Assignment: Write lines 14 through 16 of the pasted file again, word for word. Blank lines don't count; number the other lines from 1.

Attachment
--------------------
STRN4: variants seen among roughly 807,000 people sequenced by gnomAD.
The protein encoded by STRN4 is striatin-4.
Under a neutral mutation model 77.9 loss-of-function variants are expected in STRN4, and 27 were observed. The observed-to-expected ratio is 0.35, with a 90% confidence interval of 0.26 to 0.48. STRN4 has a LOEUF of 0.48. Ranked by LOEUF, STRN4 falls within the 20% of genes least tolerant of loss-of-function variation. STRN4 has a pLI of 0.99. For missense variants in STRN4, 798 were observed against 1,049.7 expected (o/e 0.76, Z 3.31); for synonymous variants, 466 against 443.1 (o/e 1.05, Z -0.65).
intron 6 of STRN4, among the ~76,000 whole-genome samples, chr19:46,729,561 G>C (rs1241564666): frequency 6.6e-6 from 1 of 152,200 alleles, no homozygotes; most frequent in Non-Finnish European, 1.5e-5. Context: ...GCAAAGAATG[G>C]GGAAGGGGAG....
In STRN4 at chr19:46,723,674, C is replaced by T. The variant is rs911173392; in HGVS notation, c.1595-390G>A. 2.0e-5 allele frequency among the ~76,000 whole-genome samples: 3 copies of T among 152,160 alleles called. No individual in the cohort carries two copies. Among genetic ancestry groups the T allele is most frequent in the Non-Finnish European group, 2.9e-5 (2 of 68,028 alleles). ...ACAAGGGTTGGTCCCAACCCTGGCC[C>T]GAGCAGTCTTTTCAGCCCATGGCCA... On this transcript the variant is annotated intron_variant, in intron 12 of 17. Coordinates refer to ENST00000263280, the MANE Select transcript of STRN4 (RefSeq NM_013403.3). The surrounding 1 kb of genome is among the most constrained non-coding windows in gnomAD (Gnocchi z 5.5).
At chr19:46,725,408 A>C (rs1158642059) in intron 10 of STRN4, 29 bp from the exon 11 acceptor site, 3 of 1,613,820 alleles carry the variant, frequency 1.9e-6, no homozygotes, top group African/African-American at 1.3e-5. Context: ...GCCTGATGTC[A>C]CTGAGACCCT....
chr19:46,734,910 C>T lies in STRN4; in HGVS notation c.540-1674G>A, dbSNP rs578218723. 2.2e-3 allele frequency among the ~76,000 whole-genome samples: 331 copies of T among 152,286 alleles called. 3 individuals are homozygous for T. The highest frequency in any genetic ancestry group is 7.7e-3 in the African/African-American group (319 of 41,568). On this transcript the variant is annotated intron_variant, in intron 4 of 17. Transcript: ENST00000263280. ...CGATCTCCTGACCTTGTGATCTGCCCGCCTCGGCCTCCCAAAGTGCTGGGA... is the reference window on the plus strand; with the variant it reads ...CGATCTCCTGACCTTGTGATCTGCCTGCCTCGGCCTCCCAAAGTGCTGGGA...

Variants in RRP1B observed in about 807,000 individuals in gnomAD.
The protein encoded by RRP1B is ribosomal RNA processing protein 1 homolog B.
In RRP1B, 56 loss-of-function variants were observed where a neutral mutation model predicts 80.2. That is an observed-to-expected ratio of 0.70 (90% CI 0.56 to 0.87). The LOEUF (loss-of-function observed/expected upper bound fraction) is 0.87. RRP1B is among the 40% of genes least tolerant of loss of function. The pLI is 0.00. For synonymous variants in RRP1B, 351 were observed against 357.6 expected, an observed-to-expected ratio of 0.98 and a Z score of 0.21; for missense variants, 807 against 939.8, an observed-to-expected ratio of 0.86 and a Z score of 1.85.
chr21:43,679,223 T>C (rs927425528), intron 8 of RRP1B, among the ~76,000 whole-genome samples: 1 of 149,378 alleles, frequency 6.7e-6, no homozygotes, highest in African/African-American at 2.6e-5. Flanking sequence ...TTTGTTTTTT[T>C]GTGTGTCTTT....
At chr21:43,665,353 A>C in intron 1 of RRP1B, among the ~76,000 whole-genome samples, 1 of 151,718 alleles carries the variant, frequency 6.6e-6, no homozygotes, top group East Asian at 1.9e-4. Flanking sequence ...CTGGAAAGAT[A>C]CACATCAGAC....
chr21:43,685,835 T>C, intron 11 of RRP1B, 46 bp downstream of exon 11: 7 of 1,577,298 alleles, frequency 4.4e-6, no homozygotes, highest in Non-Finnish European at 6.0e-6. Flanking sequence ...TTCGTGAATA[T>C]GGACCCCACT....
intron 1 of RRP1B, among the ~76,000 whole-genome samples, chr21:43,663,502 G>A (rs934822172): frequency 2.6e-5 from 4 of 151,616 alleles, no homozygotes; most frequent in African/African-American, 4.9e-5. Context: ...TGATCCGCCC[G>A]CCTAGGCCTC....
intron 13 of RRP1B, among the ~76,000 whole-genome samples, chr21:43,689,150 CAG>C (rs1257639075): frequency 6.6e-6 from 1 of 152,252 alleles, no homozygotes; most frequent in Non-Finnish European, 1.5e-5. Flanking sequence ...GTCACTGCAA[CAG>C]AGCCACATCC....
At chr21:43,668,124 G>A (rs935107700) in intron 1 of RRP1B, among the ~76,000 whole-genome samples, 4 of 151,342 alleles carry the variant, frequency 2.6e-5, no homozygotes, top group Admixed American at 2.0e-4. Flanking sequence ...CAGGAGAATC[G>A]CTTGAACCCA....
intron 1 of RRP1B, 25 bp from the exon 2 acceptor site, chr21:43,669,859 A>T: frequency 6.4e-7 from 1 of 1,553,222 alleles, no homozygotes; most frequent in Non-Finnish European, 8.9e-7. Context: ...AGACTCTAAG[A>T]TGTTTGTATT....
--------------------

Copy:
intron 1 of RRP1B, among the ~76,000 whole-genome samples, chr21:43,663,502 G>A (rs934822172): frequency 2.6e-5 from 4 of 151,616 alleles, no homozygotes; most frequent in African/African-American, 4.9e-5. Context: ...TGATCCGCCC[G>A]CCTAGGCCTC....
intron 13 of RRP1B, among the ~76,000 whole-genome samples, chr21:43,689,150 CAG>C (rs1257639075): frequency 6.6e-6 from 1 of 152,252 alleles, no homozygotes; most frequent in Non-Finnish European, 1.5e-5. Flanking sequence ...GTCACTGCAA[CAG>C]AGCCACATCC....
At chr21:43,668,124 G>A (rs935107700) in intron 1 of RRP1B, among the ~76,000 whole-genome samples, 4 of 151,342 alleles carry the variant, frequency 2.6e-5, no homozygotes, top group Admixed American at 2.0e-4. Flanking sequence ...CAGGAGAATC[G>A]CTTGAACCCA....